She hesitated as she braced her hands hard against the stone parapet and slid forward, suddenly thinking of an orchid she had found among the rubbish many months ago. She’d spent half a year tending and singing to it, but now she would never see it flower. Then she pushed off with both hands.
Her jump became a fall, and falling forced her arms above her head. As she fell into the wind, she thought of the life insurance policy and how it would not pay out for a suicide. A loss of 124,563 euros. Lothar would be beside himself.
A good deal after all.
With this in mind, she hit the ice-cold Seine with a sense of joyous abandon that faded into profound shame as she sank and her grey flowery dress enveloped her head. She tried desperately to pull down the hem so no one would see her bare legs, but then she gave up and spread her arms, opened her mouth wide and filled her lungs with water.
Dying was like floating. Marianne leaned back. It was so wonderful. The happiness didn’t stop, and you could swallow it. She gulped it down.
See, Dad. A promise is a promise.
She saw an orchid, a purple bloom, and everything was music. When a shadow bent over her, she recognised death. It wore her own face at first, the face of a girl grown old – a girl with bright eyes and brown hair.
Death’s mouth was warm. Then its beard scratched her, and its lips pressed repeatedly on hers. Marianne tasted onion soup and red wine, cigarettes and cinnamon. Death sucked at her. It licked her; it was hungry. She struggled to break free.
Two strong hands settled on her bosom. Feebly she tried to force open the cold fingers that, little by little, were cracking open her chest. A kiss. Cold seeped into her throat. Marianne opened her eyes wide, her mouth gaped and she spewed out dark, dirty water. She reared up with a long moan, and as she gasped for air, the pain hit her like a keen blade, slicing her lungs to shreds. And so loud! Everything was so loud!
Where was the music? Where was the girl? Where was the happiness? Had she spat it out?
Marianne slumped back onto the hard ground. Death hit her in the face. She stared up into two sky-blue eyes, coughed and fought for air. Feebly she raised her arm and gave death a limp slap.
Death talked to her insistently – asking a series of quick-fire questions as he pulled her into a sitting position. Marianne gave him another slap. He struck back immediately, but not so hard this time. No, in fact he caressed her cheek.
She raised her hands to her face. How had this come to be?
‘How?’ Her voice was a muffled croak.
It was so cold. And this roaring noise! Marianne looked left, then right, then at her hands, which had turned green from clutching the damp grass. The Pont Neuf was only a few yards away. She was lying beside a tent on the Rive Droite, and the hum of Paris filled the air. And she was not dead. Not. Dead. Her stomach hurt, as did her lungs. Everything hurt, even her hair, which dangled wet and heavy on her shoulders. Her heart, her head, her soul, her belly, her cheeks – everything ached.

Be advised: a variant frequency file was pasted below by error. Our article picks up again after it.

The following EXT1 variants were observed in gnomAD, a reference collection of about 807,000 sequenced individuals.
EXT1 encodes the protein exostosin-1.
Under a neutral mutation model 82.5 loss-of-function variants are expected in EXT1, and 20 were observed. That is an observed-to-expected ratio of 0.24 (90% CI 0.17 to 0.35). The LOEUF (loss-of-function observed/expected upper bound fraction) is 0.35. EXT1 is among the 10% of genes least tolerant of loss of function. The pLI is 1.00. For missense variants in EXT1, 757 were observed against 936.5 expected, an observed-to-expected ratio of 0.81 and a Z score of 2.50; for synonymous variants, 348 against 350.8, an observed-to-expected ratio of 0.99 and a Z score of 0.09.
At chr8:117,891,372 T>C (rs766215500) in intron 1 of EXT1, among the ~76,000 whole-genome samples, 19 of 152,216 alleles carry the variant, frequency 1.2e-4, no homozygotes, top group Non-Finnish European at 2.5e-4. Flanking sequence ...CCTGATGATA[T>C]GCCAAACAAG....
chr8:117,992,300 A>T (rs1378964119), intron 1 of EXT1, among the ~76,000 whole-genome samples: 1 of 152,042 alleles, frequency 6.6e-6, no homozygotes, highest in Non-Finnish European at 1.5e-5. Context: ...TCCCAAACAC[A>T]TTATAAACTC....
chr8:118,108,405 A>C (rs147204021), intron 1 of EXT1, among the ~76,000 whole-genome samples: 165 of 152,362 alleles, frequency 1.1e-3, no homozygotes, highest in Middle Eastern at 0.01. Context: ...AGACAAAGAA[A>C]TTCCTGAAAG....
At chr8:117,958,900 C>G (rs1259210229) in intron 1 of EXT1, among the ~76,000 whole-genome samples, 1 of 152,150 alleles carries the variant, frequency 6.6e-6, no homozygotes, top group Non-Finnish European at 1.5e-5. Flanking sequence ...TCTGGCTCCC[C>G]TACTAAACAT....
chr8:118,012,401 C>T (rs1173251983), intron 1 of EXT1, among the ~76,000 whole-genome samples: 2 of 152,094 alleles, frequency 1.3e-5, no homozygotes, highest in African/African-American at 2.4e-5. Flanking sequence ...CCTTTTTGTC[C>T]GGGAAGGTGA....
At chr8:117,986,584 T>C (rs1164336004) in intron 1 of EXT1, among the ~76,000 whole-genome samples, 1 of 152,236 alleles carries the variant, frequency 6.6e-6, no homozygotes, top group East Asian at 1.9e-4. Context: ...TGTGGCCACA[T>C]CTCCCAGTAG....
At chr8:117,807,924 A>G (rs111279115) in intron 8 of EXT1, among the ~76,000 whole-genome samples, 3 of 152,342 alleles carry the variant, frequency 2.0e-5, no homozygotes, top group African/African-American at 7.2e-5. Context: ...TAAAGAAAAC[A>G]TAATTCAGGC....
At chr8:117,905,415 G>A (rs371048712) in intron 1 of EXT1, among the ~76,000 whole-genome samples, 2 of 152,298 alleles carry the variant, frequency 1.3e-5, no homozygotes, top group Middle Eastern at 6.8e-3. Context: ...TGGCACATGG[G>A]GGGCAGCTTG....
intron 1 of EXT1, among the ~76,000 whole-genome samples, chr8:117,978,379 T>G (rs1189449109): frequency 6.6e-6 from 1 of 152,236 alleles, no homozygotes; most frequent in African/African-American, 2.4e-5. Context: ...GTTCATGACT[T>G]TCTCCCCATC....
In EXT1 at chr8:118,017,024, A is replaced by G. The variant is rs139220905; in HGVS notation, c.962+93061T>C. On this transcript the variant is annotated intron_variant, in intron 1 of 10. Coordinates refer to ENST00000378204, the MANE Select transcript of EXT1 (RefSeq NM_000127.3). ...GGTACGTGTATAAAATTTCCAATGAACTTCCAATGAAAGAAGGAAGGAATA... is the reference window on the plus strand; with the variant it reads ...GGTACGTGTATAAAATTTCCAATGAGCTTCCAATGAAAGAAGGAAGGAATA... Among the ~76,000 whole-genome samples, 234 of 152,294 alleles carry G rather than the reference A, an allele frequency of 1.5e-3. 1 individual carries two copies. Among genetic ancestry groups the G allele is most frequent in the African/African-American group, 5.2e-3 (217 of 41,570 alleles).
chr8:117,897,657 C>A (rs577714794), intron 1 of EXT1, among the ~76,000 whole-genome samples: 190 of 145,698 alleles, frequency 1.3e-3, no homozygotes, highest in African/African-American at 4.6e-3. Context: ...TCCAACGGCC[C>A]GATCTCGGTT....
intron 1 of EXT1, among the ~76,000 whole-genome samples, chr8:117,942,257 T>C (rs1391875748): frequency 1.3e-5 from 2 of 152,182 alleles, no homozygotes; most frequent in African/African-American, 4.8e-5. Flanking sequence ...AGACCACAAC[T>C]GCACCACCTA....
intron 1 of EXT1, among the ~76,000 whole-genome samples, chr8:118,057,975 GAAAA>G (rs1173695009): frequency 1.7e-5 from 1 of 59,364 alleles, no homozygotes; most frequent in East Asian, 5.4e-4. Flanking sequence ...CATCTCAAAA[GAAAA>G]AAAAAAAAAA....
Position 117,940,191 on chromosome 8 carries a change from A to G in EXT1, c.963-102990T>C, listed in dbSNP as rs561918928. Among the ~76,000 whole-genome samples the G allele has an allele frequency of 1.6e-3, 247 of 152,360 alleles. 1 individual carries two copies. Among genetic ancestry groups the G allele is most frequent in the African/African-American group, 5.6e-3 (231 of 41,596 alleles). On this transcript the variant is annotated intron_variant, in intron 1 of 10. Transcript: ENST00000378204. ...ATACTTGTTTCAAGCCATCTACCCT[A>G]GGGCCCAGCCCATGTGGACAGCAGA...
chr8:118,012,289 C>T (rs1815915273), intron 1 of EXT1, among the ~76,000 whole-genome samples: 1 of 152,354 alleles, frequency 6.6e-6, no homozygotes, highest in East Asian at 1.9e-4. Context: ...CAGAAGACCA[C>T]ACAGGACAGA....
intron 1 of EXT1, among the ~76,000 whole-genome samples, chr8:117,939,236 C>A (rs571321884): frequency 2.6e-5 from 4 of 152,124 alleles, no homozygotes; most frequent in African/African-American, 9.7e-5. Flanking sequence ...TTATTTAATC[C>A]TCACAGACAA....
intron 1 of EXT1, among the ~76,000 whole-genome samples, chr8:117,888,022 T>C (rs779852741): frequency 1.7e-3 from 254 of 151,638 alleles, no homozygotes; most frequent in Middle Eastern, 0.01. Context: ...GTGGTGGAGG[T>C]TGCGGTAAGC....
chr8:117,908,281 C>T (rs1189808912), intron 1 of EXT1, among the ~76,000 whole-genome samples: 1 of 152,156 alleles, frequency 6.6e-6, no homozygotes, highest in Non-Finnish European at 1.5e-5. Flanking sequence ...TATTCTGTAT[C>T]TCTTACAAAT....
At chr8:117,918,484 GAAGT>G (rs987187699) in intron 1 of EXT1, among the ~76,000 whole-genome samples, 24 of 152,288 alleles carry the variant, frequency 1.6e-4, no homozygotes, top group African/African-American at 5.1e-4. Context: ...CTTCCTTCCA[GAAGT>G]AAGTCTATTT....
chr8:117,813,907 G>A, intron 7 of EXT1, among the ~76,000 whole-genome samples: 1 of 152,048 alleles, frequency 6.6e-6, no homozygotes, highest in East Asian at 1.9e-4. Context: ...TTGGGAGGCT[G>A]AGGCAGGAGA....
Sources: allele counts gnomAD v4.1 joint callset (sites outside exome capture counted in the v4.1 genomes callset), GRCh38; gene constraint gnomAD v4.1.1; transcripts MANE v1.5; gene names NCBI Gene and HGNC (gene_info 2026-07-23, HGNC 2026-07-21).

‘Not dead?’ she spluttered in despair.
The man in the striped top smiled, but then his smile faded behind a cloud of anger. He pointed to the river, tapped his fore- head with his finger and gestured at his bare feet.
‘Why?’ She wanted to scream at him, but her voice disintegrated into a hoarse whisper. ‘Why did you do it?’
He raised his arms above his head to illustrate a dive, and pointed to Marianne, the Seine and himself. He shrugged, as if to say, What else could I do?
‘I had . . . a reason, many reasons! You had no right to steal my death from me. Are you God? No, you can’t be or else I’d be dead!’
The man stared at her from under thick black eyebrows as if he understood. He pulled his wet top over his head and wrung it out.
His eyes settled on the birthmark on Marianne’s left breast, which was visible through the buttons of her dress that had come undone. His eyebrows shot up in surprise. Panic-stricken, she pulled at her dress with one hand. For her whole life she had hidden the ugly birthmark – a rare pigment disorder, shaped like fiery flames – under tightly buttoned blouses and high necklines. She only ever went swimming at night, when no one could see her. Her mother had called the birthmark ‘a witch’s mark’, and Lothar had called it ‘a thing of the devil’. He had never touched it and had always closed his eyes when they were intimate.
Then she noticed her bare legs. She tried desperately to tug down the wet hem of her dress and simultaneously do up the buttons to cover her chest. She knocked away the man’s hand as he offered to help her to her feet, and stood up. She smoothed her dress, which clung heavily to her body. Her hair smelled of brackish water. She staggered uncertainly towards the wall of the embankment. Too low. Too low to throw herself off. She would hurt herself but wouldn’t die.